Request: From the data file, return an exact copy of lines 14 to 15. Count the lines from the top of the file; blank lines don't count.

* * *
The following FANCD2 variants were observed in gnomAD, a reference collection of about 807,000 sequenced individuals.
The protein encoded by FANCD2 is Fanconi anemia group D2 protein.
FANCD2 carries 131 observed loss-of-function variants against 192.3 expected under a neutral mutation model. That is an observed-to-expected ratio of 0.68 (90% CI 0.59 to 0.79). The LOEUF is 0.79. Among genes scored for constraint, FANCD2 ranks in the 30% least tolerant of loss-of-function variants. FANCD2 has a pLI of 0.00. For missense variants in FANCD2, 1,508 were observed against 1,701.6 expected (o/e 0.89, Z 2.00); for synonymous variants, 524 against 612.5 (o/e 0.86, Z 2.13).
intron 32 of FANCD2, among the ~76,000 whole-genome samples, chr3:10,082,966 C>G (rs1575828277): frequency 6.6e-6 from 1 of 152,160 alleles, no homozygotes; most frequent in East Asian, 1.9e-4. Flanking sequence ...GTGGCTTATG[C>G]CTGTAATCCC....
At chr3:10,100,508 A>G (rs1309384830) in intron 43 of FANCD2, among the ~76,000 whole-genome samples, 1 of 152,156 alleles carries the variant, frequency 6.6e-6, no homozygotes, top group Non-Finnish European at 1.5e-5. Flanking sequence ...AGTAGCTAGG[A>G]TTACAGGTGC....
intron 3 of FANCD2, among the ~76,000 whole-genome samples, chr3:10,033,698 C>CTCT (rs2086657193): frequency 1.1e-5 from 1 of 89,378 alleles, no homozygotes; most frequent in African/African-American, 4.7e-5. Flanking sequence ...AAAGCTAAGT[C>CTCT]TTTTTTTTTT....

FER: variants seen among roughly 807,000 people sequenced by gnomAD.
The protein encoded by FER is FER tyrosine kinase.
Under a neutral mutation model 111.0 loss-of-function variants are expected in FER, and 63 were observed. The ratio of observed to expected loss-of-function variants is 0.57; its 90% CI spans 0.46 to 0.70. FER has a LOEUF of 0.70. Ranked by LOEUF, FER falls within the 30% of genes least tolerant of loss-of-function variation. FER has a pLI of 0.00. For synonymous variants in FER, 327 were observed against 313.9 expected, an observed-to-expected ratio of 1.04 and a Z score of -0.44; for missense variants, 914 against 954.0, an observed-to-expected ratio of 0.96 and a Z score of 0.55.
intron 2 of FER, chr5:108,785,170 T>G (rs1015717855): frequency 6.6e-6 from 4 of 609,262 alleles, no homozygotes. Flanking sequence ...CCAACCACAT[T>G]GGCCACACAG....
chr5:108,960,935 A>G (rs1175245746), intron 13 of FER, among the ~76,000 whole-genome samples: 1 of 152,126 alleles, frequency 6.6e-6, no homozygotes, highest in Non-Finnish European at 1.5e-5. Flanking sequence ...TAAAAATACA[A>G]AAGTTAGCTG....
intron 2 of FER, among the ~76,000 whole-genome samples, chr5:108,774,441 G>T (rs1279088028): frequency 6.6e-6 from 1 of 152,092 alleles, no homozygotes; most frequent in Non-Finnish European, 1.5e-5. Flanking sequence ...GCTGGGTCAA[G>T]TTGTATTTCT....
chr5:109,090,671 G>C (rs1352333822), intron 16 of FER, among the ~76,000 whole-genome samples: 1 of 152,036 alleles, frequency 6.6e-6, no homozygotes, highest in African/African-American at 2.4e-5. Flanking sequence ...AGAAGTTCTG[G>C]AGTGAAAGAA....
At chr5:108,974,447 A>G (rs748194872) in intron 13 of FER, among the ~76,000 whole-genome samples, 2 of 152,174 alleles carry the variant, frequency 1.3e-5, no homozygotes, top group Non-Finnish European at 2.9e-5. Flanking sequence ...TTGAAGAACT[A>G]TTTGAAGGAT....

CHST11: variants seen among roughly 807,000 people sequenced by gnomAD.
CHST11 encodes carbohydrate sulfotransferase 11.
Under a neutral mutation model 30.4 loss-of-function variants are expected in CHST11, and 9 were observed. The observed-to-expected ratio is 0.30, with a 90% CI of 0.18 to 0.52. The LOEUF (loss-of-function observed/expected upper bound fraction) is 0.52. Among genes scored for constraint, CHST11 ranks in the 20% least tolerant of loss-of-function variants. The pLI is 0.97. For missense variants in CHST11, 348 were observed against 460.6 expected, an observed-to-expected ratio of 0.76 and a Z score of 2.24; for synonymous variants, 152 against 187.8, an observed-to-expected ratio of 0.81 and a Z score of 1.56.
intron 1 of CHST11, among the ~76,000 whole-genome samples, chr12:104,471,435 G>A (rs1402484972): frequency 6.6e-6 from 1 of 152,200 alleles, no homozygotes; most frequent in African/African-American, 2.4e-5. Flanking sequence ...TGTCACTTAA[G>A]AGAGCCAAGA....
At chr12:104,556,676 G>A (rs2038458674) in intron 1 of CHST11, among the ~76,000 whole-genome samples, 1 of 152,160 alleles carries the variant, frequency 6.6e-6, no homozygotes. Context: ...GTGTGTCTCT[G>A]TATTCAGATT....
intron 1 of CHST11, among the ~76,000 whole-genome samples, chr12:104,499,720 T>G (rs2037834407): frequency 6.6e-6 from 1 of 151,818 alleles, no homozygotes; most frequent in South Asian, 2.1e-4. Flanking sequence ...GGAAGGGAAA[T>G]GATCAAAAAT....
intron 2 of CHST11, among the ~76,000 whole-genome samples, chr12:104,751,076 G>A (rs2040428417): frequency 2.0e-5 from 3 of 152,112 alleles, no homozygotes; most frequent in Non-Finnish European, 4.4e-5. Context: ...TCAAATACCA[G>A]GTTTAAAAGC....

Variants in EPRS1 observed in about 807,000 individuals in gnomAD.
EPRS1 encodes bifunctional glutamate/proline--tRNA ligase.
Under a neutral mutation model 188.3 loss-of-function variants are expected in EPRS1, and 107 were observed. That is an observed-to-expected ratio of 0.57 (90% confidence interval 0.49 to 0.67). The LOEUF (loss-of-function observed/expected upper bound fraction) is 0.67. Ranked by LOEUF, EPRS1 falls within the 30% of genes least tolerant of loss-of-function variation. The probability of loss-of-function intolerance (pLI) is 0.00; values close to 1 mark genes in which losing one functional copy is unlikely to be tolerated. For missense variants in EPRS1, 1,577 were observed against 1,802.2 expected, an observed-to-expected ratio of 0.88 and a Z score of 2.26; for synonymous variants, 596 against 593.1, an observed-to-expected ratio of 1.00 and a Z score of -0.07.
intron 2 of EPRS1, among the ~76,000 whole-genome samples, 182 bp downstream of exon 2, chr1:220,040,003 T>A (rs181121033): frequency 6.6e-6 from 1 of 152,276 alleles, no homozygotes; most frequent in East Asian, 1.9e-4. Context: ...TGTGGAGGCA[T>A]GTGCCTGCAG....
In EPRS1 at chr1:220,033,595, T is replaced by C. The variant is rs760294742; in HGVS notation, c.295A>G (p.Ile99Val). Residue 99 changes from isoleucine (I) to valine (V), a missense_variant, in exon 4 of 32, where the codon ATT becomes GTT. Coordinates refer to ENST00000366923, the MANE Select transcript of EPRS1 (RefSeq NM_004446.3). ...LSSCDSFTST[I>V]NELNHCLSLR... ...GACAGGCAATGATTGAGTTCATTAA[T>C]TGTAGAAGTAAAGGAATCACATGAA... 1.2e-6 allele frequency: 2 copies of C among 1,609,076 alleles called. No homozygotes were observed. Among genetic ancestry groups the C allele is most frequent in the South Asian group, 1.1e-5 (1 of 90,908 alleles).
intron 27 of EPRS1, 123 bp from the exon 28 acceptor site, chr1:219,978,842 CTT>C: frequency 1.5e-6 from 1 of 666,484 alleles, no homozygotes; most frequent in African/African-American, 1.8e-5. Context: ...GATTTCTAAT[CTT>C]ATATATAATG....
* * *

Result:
At chr5:108,974,447 A>G (rs748194872) in intron 13 of FER, among the ~76,000 whole-genome samples, 2 of 152,174 alleles carry the variant, frequency 1.3e-5, no homozygotes, top group Non-Finnish European at 2.9e-5. Flanking sequence ...TTGAAGAACT[A>G]TTTGAAGGAT....

CHST11: variants seen among roughly 807,000 people sequenced by gnomAD.